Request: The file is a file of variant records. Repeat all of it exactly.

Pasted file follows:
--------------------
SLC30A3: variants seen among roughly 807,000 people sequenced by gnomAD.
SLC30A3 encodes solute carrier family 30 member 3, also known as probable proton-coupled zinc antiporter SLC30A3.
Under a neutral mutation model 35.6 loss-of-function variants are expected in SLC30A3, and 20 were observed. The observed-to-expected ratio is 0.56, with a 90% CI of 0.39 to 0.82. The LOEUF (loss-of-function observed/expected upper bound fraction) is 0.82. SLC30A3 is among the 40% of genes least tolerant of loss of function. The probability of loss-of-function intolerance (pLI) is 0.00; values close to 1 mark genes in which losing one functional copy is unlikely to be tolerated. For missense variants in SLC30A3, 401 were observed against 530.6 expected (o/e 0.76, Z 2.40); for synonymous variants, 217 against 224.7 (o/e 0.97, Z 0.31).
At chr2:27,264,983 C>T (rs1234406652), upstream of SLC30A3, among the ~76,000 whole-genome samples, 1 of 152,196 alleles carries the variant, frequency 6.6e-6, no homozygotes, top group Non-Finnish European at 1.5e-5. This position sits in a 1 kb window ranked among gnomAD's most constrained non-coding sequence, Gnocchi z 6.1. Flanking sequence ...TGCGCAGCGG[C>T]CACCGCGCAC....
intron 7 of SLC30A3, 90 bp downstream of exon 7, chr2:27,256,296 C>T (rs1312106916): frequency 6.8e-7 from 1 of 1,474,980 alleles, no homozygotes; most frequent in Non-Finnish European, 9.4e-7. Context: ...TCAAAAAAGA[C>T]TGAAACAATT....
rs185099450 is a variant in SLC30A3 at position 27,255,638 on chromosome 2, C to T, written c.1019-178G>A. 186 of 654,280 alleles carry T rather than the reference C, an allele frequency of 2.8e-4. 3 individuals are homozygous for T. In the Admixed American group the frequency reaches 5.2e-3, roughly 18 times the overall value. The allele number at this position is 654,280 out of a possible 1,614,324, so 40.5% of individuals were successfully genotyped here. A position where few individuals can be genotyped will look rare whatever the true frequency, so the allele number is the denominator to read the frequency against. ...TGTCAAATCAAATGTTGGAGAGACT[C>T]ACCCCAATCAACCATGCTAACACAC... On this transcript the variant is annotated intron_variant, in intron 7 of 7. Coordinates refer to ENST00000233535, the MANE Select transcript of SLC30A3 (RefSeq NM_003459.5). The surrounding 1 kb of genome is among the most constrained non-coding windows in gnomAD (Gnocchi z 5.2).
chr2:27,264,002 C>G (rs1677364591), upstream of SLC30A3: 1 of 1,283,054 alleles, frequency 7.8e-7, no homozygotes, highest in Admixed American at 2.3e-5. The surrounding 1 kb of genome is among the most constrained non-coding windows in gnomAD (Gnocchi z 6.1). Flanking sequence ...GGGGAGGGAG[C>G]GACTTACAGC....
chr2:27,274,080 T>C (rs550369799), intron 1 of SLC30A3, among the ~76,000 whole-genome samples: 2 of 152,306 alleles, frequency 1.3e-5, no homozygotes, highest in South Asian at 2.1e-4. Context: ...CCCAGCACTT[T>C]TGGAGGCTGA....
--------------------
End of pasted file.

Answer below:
SLC30A3: variants seen among roughly 807,000 people sequenced by gnomAD.
SLC30A3 encodes solute carrier family 30 member 3, also known as probable proton-coupled zinc antiporter SLC30A3.
Under a neutral mutation model 35.6 loss-of-function variants are expected in SLC30A3, and 20 were observed. The observed-to-expected ratio is 0.56, with a 90% CI of 0.39 to 0.82. The LOEUF (loss-of-function observed/expected upper bound fraction) is 0.82. SLC30A3 is among the 40% of genes least tolerant of loss of function. The probability of loss-of-function intolerance (pLI) is 0.00; values close to 1 mark genes in which losing one functional copy is unlikely to be tolerated. For missense variants in SLC30A3, 401 were observed against 530.6 expected (o/e 0.76, Z 2.40); for synonymous variants, 217 against 224.7 (o/e 0.97, Z 0.31).
At chr2:27,264,983 C>T (rs1234406652), upstream of SLC30A3, among the ~76,000 whole-genome samples, 1 of 152,196 alleles carries the variant, frequency 6.6e-6, no homozygotes, top group Non-Finnish European at 1.5e-5. This position sits in a 1 kb window ranked among gnomAD's most constrained non-coding sequence, Gnocchi z 6.1. Flanking sequence ...TGCGCAGCGG[C>T]CACCGCGCAC....
intron 7 of SLC30A3, 90 bp downstream of exon 7, chr2:27,256,296 C>T (rs1312106916): frequency 6.8e-7 from 1 of 1,474,980 alleles, no homozygotes; most frequent in Non-Finnish European, 9.4e-7. Context: ...TCAAAAAAGA[C>T]TGAAACAATT....
rs185099450 is a variant in SLC30A3 at position 27,255,638 on chromosome 2, C to T, written c.1019-178G>A. 186 of 654,280 alleles carry T rather than the reference C, an allele frequency of 2.8e-4. 3 individuals are homozygous for T. In the Admixed American group the frequency reaches 5.2e-3, roughly 18 times the overall value. The allele number at this position is 654,280 out of a possible 1,614,324, so 40.5% of individuals were successfully genotyped here. A position where few individuals can be genotyped will look rare whatever the true frequency, so the allele number is the denominator to read the frequency against. ...TGTCAAATCAAATGTTGGAGAGACT[C>T]ACCCCAATCAACCATGCTAACACAC... On this transcript the variant is annotated intron_variant, in intron 7 of 7. Coordinates refer to ENST00000233535, the MANE Select transcript of SLC30A3 (RefSeq NM_003459.5). The surrounding 1 kb of genome is among the most constrained non-coding windows in gnomAD (Gnocchi z 5.2).
chr2:27,264,002 C>G (rs1677364591), upstream of SLC30A3: 1 of 1,283,054 alleles, frequency 7.8e-7, no homozygotes, highest in Admixed American at 2.3e-5. The surrounding 1 kb of genome is among the most constrained non-coding windows in gnomAD (Gnocchi z 6.1). Flanking sequence ...GGGGAGGGAG[C>G]GACTTACAGC....
chr2:27,274,080 T>C (rs550369799), intron 1 of SLC30A3, among the ~76,000 whole-genome samples: 2 of 152,306 alleles, frequency 1.3e-5, no homozygotes, highest in South Asian at 2.1e-4. Context: ...CCCAGCACTT[T>C]TGGAGGCTGA....